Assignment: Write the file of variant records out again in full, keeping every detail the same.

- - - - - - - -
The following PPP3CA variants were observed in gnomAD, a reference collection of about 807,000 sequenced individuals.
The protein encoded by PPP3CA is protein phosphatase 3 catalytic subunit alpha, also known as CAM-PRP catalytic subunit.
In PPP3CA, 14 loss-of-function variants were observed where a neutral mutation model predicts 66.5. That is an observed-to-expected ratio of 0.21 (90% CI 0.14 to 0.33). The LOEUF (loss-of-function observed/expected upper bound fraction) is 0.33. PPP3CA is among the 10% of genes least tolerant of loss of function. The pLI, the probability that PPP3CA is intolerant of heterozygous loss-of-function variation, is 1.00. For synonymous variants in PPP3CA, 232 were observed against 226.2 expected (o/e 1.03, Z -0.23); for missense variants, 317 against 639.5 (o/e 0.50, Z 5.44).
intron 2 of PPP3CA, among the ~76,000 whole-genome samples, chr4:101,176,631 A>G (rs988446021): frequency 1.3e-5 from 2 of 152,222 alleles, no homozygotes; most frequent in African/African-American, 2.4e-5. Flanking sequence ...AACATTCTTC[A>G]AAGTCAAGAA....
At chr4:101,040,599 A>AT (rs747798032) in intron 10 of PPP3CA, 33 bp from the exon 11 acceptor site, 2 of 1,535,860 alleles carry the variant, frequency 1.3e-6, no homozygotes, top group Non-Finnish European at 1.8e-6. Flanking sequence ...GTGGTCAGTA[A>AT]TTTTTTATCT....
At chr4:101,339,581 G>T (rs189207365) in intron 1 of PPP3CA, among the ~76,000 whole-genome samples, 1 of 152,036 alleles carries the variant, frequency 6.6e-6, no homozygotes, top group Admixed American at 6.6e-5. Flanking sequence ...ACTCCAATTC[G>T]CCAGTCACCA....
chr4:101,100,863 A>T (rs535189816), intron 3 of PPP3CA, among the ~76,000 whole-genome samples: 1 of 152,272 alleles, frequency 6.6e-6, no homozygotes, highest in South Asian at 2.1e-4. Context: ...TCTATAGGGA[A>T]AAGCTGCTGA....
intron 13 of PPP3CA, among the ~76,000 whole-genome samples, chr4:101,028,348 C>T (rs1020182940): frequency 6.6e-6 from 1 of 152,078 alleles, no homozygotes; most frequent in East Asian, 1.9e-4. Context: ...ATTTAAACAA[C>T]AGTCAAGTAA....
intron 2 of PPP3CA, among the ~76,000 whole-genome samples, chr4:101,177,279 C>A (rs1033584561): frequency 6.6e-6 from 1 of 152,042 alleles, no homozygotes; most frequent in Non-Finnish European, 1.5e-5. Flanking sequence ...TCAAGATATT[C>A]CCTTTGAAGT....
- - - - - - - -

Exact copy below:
The following PPP3CA variants were observed in gnomAD, a reference collection of about 807,000 sequenced individuals.
The protein encoded by PPP3CA is protein phosphatase 3 catalytic subunit alpha, also known as CAM-PRP catalytic subunit.
In PPP3CA, 14 loss-of-function variants were observed where a neutral mutation model predicts 66.5. That is an observed-to-expected ratio of 0.21 (90% CI 0.14 to 0.33). The LOEUF (loss-of-function observed/expected upper bound fraction) is 0.33. PPP3CA is among the 10% of genes least tolerant of loss of function. The pLI, the probability that PPP3CA is intolerant of heterozygous loss-of-function variation, is 1.00. For synonymous variants in PPP3CA, 232 were observed against 226.2 expected (o/e 1.03, Z -0.23); for missense variants, 317 against 639.5 (o/e 0.50, Z 5.44).
intron 2 of PPP3CA, among the ~76,000 whole-genome samples, chr4:101,176,631 A>G (rs988446021): frequency 1.3e-5 from 2 of 152,222 alleles, no homozygotes; most frequent in African/African-American, 2.4e-5. Flanking sequence ...AACATTCTTC[A>G]AAGTCAAGAA....
At chr4:101,040,599 A>AT (rs747798032) in intron 10 of PPP3CA, 33 bp from the exon 11 acceptor site, 2 of 1,535,860 alleles carry the variant, frequency 1.3e-6, no homozygotes, top group Non-Finnish European at 1.8e-6. Flanking sequence ...GTGGTCAGTA[A>AT]TTTTTTATCT....
At chr4:101,339,581 G>T (rs189207365) in intron 1 of PPP3CA, among the ~76,000 whole-genome samples, 1 of 152,036 alleles carries the variant, frequency 6.6e-6, no homozygotes, top group Admixed American at 6.6e-5. Flanking sequence ...ACTCCAATTC[G>T]CCAGTCACCA....
chr4:101,100,863 A>T (rs535189816), intron 3 of PPP3CA, among the ~76,000 whole-genome samples: 1 of 152,272 alleles, frequency 6.6e-6, no homozygotes, highest in South Asian at 2.1e-4. Context: ...TCTATAGGGA[A>T]AAGCTGCTGA....
intron 13 of PPP3CA, among the ~76,000 whole-genome samples, chr4:101,028,348 C>T (rs1020182940): frequency 6.6e-6 from 1 of 152,078 alleles, no homozygotes; most frequent in East Asian, 1.9e-4. Context: ...ATTTAAACAA[C>T]AGTCAAGTAA....
intron 2 of PPP3CA, among the ~76,000 whole-genome samples, chr4:101,177,279 C>A (rs1033584561): frequency 6.6e-6 from 1 of 152,042 alleles, no homozygotes; most frequent in Non-Finnish European, 1.5e-5. Flanking sequence ...TCAAGATATT[C>A]CCTTTGAAGT....